Goldman Sachs Group is losing its most powerful Black women, according to new data the firm released in a report on its website.
The bank had 19 Black women among its executives and senior officials as of November 2021, the bank said, down from 25 a year earlier, while the 24 Black men in that top rank stayed the same. Yet the bank’s overall Black employees in the U.S. grew to 1,649 from 1,425, representing a boost to 7.4% from 6.8%.
In what Goldman calls the “most diverse managing director class to date,” 643 new promotions included 29 Black people — or 5% of the class. It also included 194 women, or 30%, and 182 Asian people, or 28%.
Firms across Wall Street say they’re working to boost representation across their companies.
Goldman’s youngest Black partner, Darren Dixon, left recently to start his own fund, and Margaret Anadu, the youngest Black female partner in Goldman history, exited this year. Women across all races in the top group of executives fell to 23.4% from 24.7%. At the same time, white men at that level rose slightly to 60.2% from 59.4%.
“As this report details, we are holding ourselves accountable for driving progress,” Bentley de Beyer, the firm’s head of human resources, said in the report. He said the firm’s priorities “are grounded in the belief that our ongoing commitment to advancing diversity, equity and inclusion through action and impact will better meet the needs of the clients we serve.”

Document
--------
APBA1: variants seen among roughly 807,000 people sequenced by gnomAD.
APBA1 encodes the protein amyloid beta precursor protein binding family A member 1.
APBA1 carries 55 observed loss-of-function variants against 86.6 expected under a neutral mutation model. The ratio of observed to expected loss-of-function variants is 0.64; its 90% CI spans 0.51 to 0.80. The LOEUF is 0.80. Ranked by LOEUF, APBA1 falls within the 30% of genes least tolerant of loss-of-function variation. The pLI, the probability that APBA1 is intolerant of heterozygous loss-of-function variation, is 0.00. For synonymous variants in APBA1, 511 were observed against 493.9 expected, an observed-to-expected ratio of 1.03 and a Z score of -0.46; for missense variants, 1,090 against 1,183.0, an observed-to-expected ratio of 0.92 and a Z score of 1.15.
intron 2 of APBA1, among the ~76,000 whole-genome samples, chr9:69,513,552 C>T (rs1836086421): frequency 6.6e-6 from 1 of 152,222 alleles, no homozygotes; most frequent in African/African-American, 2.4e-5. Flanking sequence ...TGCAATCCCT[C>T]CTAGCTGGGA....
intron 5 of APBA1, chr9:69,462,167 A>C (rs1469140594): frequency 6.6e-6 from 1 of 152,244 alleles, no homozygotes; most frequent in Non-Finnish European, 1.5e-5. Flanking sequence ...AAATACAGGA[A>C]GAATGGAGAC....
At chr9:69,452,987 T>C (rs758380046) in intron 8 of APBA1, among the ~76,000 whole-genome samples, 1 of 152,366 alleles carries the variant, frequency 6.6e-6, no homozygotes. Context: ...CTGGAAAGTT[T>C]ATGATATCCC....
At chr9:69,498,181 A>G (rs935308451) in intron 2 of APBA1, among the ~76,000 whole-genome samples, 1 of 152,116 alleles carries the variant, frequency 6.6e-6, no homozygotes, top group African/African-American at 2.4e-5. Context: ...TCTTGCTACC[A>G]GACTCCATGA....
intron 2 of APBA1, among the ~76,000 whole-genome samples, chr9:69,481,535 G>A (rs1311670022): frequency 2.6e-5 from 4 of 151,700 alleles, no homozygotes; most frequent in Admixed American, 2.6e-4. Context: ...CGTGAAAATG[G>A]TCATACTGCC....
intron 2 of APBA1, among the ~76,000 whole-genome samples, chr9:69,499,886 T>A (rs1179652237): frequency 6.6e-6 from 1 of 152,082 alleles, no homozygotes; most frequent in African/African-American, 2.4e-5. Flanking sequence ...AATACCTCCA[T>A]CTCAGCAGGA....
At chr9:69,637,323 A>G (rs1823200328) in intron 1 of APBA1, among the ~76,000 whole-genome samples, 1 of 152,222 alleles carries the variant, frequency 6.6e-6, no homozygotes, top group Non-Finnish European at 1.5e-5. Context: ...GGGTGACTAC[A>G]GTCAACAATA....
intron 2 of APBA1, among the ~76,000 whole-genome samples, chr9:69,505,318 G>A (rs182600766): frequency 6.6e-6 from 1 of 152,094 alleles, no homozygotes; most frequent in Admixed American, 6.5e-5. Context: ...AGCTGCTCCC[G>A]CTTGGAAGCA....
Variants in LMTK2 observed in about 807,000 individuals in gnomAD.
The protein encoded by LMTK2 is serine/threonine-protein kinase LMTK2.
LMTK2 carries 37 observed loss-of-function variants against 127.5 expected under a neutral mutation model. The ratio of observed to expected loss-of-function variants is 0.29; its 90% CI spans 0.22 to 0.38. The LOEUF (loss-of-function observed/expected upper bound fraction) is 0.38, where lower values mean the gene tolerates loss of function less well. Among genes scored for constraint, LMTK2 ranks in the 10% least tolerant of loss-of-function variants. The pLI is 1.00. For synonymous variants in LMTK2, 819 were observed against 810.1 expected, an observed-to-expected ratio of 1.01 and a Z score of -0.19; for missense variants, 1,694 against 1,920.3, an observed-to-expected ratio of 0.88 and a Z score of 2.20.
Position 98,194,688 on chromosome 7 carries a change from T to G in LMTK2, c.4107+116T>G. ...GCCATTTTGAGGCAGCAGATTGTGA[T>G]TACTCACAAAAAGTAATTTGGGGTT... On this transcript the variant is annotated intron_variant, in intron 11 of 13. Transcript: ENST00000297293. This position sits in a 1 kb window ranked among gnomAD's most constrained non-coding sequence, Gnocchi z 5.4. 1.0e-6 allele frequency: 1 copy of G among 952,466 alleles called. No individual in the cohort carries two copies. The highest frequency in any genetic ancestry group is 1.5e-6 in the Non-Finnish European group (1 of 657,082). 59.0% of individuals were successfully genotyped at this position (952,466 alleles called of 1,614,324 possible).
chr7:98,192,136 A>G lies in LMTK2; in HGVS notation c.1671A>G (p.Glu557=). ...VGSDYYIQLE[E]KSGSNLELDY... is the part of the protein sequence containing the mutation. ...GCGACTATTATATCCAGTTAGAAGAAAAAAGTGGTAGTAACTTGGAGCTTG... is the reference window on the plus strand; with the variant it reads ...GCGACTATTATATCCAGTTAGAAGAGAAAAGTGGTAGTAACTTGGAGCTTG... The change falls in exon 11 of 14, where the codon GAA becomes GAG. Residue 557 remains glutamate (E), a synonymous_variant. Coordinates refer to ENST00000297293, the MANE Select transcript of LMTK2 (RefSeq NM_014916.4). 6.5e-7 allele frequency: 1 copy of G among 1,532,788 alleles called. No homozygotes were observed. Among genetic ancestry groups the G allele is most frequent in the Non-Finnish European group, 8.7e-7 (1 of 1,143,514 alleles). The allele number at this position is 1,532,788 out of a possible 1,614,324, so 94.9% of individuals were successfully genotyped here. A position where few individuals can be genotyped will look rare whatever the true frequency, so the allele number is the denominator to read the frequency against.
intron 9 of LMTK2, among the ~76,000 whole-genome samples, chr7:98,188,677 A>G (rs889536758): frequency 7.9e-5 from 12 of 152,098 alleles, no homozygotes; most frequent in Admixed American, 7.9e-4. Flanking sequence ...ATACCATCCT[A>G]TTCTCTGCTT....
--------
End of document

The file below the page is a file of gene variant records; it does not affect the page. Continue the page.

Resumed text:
As Wall Street’s Black executives have described the feeling of being the only one in the room, companies that in some cases didn’t include them in their partnerships until the 1980s say they’re changing. There has been some progress, but it hasn’t been steady. At Morgan Stanley, for example, the slate of potential successors to the top spot is mostly male and white. Its new class of managing directors, the most ethnically diverse in its history, is a third female, and in the U.S. 20% of the group is Asian, 10% is Black, and 6% is Hispanic.
Goldman’s report shows that it hasn’t reached the diversity goals it set in 2020 for vice presidents by 2025. Women are 32% of the group, though 39% if engineering is excluded, short of the 40% goal. And Black workers in the Americas and the U.K. are both 4% of vice presidents, under the 7% target.
Last year, Goldman provided a new level of clarity into its U.S. workforce numbers.
“As we seek to advance racial equity, both at our firm and in our communities, we want to emphasize that this is a key moment to effect lasting improvement,” Megan Hogan, its head of diversity, said then. “We are at a pivotal inflection point, and this conversation is just the beginning.”
— With assistance from Sridhar Natarajan.